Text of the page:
Hockey is the greatest sport in the world, but that doesn’t meant the way the league is run can’t be improved. Like all matters of life, no matter how well you do something, there is always something that can be improved upon. The NHL should consider ways to improve their product by making it more fun for their fans. A recurring theme on this site has been management, and more specifically how to reward good management rather than bad management. The current draft format rewards teams for being awful and fails to create the parity the league so desperately claims is a goal. While the way the draft is set up works in theory, teams like the Capitals, the Oilers, and the Penguins are actually the 47% of the league Bain Capital hates.
We might not have training camp to talk about this week, but hockey still does actually exist. So does our hatred for any number of rival teams, so … well, why don’t we decide which team we, fans of the Philadelphia Flyers, hate the most?
When asked, you probably have an immediate answer: the Pittsburgh Penguins. And it’s obviously a totally fair answer. Especially in recent times, it’s tough to imagine hating any team more than we hate the Penguins. They’re the epitome of how an NHL franchise does things the wrong way, right?
- Put together several losing seasons in a row
- Fans disappear, team almost relocates
- Government steps in, saves team with help on new arena deal
- Meanwhile, losing leads to several high draft picks. Talented comes, fans return
- Bandwagon fills, team wins Stanley Cup and gets awesome new arena
Meanwhile, our team has been competitive year in and year out (except for one down season) since the early 1990s. Our fans have never disappeared en masse and when we needed/wanted a new arena, our ownership essentially paid for the entire thing themselves without government help. And yet despite doing everything the “right” way, we have nothing to show for it except a few losses in the Finals and some fun playoff runs.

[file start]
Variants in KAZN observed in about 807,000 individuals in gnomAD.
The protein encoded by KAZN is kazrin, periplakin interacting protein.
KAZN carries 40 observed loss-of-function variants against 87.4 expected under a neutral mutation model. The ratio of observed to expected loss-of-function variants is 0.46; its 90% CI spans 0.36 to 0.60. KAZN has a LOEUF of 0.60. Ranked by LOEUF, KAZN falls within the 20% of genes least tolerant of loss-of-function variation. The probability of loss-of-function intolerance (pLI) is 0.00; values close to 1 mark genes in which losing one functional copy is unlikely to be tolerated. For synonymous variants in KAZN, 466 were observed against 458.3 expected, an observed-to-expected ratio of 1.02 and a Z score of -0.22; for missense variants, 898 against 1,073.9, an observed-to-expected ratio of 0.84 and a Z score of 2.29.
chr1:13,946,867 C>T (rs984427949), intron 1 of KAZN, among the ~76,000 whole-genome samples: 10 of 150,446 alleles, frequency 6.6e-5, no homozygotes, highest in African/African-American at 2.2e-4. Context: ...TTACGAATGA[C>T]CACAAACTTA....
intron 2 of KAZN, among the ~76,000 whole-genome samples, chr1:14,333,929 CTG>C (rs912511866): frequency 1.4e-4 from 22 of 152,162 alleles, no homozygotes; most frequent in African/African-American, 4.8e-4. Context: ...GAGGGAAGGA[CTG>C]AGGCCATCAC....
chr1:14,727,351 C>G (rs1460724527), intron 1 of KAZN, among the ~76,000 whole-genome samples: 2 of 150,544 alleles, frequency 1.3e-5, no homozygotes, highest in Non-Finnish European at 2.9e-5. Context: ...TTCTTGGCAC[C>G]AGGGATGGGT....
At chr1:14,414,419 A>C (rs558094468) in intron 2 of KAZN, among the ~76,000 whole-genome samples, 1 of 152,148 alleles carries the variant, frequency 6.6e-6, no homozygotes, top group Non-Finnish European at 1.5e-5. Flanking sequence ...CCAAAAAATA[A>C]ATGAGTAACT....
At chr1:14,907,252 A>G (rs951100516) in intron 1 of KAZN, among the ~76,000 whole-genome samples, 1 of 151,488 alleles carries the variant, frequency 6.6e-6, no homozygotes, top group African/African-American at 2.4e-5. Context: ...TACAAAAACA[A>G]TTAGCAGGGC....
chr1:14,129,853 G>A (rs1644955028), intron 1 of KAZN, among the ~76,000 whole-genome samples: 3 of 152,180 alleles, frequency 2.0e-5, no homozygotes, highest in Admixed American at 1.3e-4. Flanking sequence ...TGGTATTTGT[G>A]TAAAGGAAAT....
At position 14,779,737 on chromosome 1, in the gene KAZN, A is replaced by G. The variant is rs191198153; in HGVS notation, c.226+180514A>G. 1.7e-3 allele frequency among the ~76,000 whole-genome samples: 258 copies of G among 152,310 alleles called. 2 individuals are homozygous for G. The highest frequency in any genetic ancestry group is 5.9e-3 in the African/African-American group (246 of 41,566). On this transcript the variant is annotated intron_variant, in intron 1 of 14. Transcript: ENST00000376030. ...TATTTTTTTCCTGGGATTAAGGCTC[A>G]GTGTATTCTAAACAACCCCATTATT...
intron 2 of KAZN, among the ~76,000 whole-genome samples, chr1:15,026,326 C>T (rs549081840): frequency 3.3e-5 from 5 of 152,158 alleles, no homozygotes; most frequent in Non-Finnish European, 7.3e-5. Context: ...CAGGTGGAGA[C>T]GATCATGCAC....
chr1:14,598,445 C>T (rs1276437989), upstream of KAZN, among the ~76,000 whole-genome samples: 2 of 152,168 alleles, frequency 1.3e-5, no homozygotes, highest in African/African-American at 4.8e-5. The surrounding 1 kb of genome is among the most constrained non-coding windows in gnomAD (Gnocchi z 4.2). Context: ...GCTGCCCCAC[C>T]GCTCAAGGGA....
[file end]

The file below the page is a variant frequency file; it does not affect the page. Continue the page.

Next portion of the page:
Man. Screw the Penguins.
Travis brings up a great point that many of us have had over the years. Why should a team be able to tank its way to Marc Andre-Fleury, Sidney Crosby, Evgeni Malkin, and Jordan Staal in four consecutive years? Shouldn’t there be some penalty to management and ownership for cutting costs and players to such a point that you’re one of the worst two teams in the league 5 years in a row? If someone did this in your fantasy football keeper league you’d kick him out of the league. Similarly, why should Edmonton be able to draft Taylor Hall, Ryan Nugent-Hopkins, and Nail Yakupov in consecutive years? This goes beyond the socialism Mitt Romney hates, which is handouts to help people survive…this is taking a drug addict and giving him billions.
I’m all for creative solutions, so if I were made president of the NHL for a day, and I couldn’t institute a draft playoff, I would pass a rule to dis-incentivize teams from losing for multiple years in order to get a cache of young stars. For a general idea (I could be talked into different versions): If you have a top 2 pick overall pick, then the next year your pick can be no better than 5th overall. The following year, the best pick you can receive is 10th overall. After that third draft, you are once again eligible to have the #1 overall pick again.
This rule would accomplish multiple goals for the league. For starters, you’d stop having juggernaut teams built by letting a franchise wallow in its own filth. One team getting three or four or five consecutive top 5 picks doesn’t create parity, it destroys it. Instead of Edmonton having a completely stocked stable of young talent, they would have Taylor Hall, while Columbus would have the Nuge, and Montreal would have gotten Nail Yakupov. Or something along those lines. Regardless, the point is instead of a select few teams having a bevy of young talent, the future stars and superstars of the league would be more evenly spread, leading to more parity. I don’t see a downside, except for that fact that the Penguins would be moving to Kansas City in about 15 years.